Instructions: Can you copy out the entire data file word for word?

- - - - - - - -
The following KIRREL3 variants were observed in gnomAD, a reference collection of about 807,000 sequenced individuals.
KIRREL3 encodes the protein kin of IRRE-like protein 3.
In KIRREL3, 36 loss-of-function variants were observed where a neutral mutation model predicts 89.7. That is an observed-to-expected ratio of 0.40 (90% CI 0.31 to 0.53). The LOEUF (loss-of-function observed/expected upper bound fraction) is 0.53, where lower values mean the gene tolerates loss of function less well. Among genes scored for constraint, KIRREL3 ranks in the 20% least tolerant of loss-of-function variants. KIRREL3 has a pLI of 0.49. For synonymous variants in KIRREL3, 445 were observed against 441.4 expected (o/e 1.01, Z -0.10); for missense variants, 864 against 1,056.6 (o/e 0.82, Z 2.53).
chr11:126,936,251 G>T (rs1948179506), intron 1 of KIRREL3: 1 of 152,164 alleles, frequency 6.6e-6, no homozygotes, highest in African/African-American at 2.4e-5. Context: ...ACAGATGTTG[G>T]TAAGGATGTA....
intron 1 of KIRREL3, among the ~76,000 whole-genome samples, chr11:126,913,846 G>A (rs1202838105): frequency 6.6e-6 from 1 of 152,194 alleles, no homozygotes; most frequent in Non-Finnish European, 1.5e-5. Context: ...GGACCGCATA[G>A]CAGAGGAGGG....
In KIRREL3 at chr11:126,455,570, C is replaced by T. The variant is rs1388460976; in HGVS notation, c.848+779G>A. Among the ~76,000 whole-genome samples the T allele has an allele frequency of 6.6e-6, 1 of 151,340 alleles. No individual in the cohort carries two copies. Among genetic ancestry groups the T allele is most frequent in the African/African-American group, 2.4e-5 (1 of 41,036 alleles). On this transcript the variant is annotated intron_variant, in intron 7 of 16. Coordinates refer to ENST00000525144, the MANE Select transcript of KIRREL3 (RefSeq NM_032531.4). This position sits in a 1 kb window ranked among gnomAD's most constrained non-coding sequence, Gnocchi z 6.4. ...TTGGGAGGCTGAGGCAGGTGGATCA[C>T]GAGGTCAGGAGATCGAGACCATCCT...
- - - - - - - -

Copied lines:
The following KIRREL3 variants were observed in gnomAD, a reference collection of about 807,000 sequenced individuals.
KIRREL3 encodes the protein kin of IRRE-like protein 3.
In KIRREL3, 36 loss-of-function variants were observed where a neutral mutation model predicts 89.7. That is an observed-to-expected ratio of 0.40 (90% CI 0.31 to 0.53). The LOEUF (loss-of-function observed/expected upper bound fraction) is 0.53, where lower values mean the gene tolerates loss of function less well. Among genes scored for constraint, KIRREL3 ranks in the 20% least tolerant of loss-of-function variants. KIRREL3 has a pLI of 0.49. For synonymous variants in KIRREL3, 445 were observed against 441.4 expected (o/e 1.01, Z -0.10); for missense variants, 864 against 1,056.6 (o/e 0.82, Z 2.53).
chr11:126,936,251 G>T (rs1948179506), intron 1 of KIRREL3: 1 of 152,164 alleles, frequency 6.6e-6, no homozygotes, highest in African/African-American at 2.4e-5. Context: ...ACAGATGTTG[G>T]TAAGGATGTA....
intron 1 of KIRREL3, among the ~76,000 whole-genome samples, chr11:126,913,846 G>A (rs1202838105): frequency 6.6e-6 from 1 of 152,194 alleles, no homozygotes; most frequent in Non-Finnish European, 1.5e-5. Context: ...GGACCGCATA[G>A]CAGAGGAGGG....
In KIRREL3 at chr11:126,455,570, C is replaced by T. The variant is rs1388460976; in HGVS notation, c.848+779G>A. Among the ~76,000 whole-genome samples the T allele has an allele frequency of 6.6e-6, 1 of 151,340 alleles. No individual in the cohort carries two copies. Among genetic ancestry groups the T allele is most frequent in the African/African-American group, 2.4e-5 (1 of 41,036 alleles). On this transcript the variant is annotated intron_variant, in intron 7 of 16. Coordinates refer to ENST00000525144, the MANE Select transcript of KIRREL3 (RefSeq NM_032531.4). This position sits in a 1 kb window ranked among gnomAD's most constrained non-coding sequence, Gnocchi z 6.4. ...TTGGGAGGCTGAGGCAGGTGGATCA[C>T]GAGGTCAGGAGATCGAGACCATCCT...